Just because they’re “portraits” doesn’t mean they’re portraits of people. Placing Lucas Reiner’s paintings of lone trees and George Stoll’s small sculptures replicating common objects (a sponge, a cup, a box of Woolite) by and near the single-figure paintings of Dan McCleary focuses our attention on the individuality, even the personality, of all things — even manmade things. Whether or not there is a mystic spirit animating Reiner’s gnarly pines, Stoll’s kitchen clutter or McCleary’s cool, classic renditions of poker-faced people, each exudes character, a particular poise and profile that distinguishes it among its kind. Lucid and formal as their approaches may be, these three artists seek to coax out the metaphysics, the “second appearance” of their subjects beyond (if still cognizant of) the traditions of landscape, still life and, well, the mere painting of humans.

Jochen Stücke doesn’t simply elicit the vitality of his human subjects, he sets them in often furious motion according to given narratives — indeed, now-classic stories for which Stücke’s etchings and woodcuts serve as illustrations. But hardly “mere” illustrations; in a show titled “Escape,” the German printmaker’s pictures engulf the stories on their way to becoming hypercomics, wordless novelettes, storyboards, even films. The dry-point etchings, from 1998, illumine Amerika, Franz Kafka’s last, hallucinatory book (he never visited these shores); they blend the dreamlike quality of fin-de-siècle symbolists such as Max Klinger with the matter-of-factness of early-20th-century American realists, most particularly Edward Hopper, to evoke an almost operatic urban space populated by people struggling to be individuals. Stücke realized the black-and-white woodcuts for Edgar Allan Poe’s Descent into the Maelstrom in the last year, turning to the emphatic contrasts and sparse, dramatic forms of Meiji-era (turn-of-century) Japanese prints as a model for his graphic account. The starkness of the Maelstrom images befits the haunted, drained recollection of the story’s narrator. “Portraits” at Carl Berg Gallery, 6018 Wilshire Blvd., L.A.; Tues.-Sat., 11 a.m.-6 p.m.; thru Oct. 6. (323) 931-6060. “Escape” (works by Jochen Stücke) at Goethe-Institut, 5750 Wilshire Blvd., Suite 100, L.A.; Mon.-Thurs., 9 a.m.-5 p.m., Fri., 9 a.m.-3 p.m.; thru Oct. 30. (323) 525-3388.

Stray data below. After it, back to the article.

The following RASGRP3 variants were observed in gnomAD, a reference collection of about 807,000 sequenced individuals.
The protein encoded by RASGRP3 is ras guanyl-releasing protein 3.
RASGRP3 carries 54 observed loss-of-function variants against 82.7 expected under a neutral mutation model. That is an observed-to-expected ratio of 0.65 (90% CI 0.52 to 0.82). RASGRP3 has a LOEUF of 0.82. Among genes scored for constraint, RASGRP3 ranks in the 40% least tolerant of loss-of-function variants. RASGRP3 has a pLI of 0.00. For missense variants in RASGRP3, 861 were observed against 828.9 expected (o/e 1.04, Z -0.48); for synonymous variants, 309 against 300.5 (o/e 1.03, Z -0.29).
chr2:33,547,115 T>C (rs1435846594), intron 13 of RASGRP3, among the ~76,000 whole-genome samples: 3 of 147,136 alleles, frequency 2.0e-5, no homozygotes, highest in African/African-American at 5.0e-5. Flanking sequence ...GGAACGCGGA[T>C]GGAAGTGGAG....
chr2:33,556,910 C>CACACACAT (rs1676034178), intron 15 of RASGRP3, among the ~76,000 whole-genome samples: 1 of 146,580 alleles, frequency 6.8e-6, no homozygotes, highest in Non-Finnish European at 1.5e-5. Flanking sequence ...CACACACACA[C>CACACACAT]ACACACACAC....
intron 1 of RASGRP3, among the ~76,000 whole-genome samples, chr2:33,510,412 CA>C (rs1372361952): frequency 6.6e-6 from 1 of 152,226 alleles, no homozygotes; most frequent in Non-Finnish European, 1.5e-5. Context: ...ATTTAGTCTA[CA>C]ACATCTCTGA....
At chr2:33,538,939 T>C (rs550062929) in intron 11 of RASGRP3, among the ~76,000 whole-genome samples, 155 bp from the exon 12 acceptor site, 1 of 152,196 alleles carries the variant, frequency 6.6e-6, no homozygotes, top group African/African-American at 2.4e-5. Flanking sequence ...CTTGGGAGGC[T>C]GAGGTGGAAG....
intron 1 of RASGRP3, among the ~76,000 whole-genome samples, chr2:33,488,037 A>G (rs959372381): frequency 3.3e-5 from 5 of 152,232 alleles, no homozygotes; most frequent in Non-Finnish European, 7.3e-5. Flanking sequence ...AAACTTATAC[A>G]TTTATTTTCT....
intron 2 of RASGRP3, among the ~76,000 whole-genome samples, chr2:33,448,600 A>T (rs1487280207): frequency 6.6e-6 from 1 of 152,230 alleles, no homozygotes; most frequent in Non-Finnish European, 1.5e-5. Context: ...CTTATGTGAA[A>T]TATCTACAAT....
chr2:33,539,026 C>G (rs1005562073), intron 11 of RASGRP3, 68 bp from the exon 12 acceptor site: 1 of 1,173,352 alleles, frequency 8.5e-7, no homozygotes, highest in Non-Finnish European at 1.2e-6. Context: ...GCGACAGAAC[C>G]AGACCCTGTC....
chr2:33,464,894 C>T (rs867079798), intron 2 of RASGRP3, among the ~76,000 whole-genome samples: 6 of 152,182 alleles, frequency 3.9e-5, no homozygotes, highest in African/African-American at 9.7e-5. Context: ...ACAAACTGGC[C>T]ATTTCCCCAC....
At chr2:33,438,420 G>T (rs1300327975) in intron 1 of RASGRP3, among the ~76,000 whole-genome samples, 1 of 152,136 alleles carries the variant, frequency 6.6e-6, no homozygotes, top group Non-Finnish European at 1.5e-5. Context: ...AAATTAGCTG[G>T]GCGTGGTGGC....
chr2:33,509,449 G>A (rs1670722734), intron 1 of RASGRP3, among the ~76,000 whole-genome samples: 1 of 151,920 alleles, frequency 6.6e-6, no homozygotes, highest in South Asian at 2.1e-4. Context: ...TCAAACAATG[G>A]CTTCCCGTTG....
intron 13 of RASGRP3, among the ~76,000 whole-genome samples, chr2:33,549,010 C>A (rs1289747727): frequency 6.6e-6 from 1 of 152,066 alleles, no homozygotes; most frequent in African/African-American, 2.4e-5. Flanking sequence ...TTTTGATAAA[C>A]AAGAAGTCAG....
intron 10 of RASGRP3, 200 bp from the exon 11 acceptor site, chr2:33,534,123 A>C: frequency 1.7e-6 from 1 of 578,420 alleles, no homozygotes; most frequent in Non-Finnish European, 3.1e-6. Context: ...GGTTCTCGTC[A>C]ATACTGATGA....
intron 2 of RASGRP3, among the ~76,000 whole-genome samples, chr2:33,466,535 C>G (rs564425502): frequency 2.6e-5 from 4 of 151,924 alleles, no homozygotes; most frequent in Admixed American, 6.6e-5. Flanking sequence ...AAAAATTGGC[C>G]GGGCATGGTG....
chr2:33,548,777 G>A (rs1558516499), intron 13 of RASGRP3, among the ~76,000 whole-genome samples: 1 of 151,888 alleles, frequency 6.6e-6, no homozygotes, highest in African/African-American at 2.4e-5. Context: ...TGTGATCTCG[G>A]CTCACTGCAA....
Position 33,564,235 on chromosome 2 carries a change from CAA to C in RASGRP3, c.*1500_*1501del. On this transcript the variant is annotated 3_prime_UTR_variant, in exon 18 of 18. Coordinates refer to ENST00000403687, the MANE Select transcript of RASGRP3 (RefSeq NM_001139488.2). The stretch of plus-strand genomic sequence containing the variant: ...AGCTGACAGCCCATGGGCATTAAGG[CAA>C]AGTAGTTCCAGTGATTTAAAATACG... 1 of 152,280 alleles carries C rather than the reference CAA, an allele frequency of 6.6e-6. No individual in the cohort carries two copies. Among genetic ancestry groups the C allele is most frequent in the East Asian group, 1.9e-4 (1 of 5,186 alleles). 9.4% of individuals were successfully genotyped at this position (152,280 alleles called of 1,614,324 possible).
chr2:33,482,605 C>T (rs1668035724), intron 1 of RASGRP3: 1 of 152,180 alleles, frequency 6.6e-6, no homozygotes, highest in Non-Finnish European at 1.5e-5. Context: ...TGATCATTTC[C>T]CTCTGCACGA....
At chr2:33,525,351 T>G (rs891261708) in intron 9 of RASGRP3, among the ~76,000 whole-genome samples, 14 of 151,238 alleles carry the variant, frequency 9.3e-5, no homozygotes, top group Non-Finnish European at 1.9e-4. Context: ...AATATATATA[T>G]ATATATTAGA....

—Peter Frank

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